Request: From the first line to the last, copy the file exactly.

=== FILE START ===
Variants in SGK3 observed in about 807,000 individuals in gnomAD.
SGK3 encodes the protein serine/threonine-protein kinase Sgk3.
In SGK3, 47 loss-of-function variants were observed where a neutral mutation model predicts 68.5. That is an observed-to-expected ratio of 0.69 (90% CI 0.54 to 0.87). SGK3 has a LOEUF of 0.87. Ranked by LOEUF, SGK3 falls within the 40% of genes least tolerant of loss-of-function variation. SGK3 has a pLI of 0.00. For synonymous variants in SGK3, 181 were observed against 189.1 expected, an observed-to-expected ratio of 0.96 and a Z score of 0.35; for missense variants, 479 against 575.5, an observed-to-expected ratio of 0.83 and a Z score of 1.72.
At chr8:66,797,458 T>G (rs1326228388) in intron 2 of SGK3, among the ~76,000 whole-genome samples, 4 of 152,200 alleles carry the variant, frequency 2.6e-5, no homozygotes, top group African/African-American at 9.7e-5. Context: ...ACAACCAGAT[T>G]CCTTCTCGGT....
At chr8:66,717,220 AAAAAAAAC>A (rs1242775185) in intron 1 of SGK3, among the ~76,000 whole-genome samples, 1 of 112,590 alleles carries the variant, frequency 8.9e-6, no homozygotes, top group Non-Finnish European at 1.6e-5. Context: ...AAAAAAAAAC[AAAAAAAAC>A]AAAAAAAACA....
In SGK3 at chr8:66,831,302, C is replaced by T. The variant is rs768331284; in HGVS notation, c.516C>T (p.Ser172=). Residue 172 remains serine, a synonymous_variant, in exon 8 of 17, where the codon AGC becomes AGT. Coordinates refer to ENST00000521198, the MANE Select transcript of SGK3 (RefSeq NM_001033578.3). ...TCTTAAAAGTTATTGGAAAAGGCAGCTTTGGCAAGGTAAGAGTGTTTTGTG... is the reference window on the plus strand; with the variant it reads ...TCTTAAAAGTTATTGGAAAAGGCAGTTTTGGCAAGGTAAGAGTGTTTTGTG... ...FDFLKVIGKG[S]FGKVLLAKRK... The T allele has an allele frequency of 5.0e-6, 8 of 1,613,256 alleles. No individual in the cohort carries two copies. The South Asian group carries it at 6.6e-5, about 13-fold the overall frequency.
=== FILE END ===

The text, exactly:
Variants in SGK3 observed in about 807,000 individuals in gnomAD.
SGK3 encodes the protein serine/threonine-protein kinase Sgk3.
In SGK3, 47 loss-of-function variants were observed where a neutral mutation model predicts 68.5. That is an observed-to-expected ratio of 0.69 (90% CI 0.54 to 0.87). SGK3 has a LOEUF of 0.87. Ranked by LOEUF, SGK3 falls within the 40% of genes least tolerant of loss-of-function variation. SGK3 has a pLI of 0.00. For synonymous variants in SGK3, 181 were observed against 189.1 expected, an observed-to-expected ratio of 0.96 and a Z score of 0.35; for missense variants, 479 against 575.5, an observed-to-expected ratio of 0.83 and a Z score of 1.72.
At chr8:66,797,458 T>G (rs1326228388) in intron 2 of SGK3, among the ~76,000 whole-genome samples, 4 of 152,200 alleles carry the variant, frequency 2.6e-5, no homozygotes, top group African/African-American at 9.7e-5. Context: ...ACAACCAGAT[T>G]CCTTCTCGGT....
At chr8:66,717,220 AAAAAAAAC>A (rs1242775185) in intron 1 of SGK3, among the ~76,000 whole-genome samples, 1 of 112,590 alleles carries the variant, frequency 8.9e-6, no homozygotes, top group Non-Finnish European at 1.6e-5. Context: ...AAAAAAAAAC[AAAAAAAAC>A]AAAAAAAACA....
In SGK3 at chr8:66,831,302, C is replaced by T. The variant is rs768331284; in HGVS notation, c.516C>T (p.Ser172=). Residue 172 remains serine, a synonymous_variant, in exon 8 of 17, where the codon AGC becomes AGT. Coordinates refer to ENST00000521198, the MANE Select transcript of SGK3 (RefSeq NM_001033578.3). ...TCTTAAAAGTTATTGGAAAAGGCAGCTTTGGCAAGGTAAGAGTGTTTTGTG... is the reference window on the plus strand; with the variant it reads ...TCTTAAAAGTTATTGGAAAAGGCAGTTTTGGCAAGGTAAGAGTGTTTTGTG... ...FDFLKVIGKG[S]FGKVLLAKRK... The T allele has an allele frequency of 5.0e-6, 8 of 1,613,256 alleles. No individual in the cohort carries two copies. The South Asian group carries it at 6.6e-5, about 13-fold the overall frequency.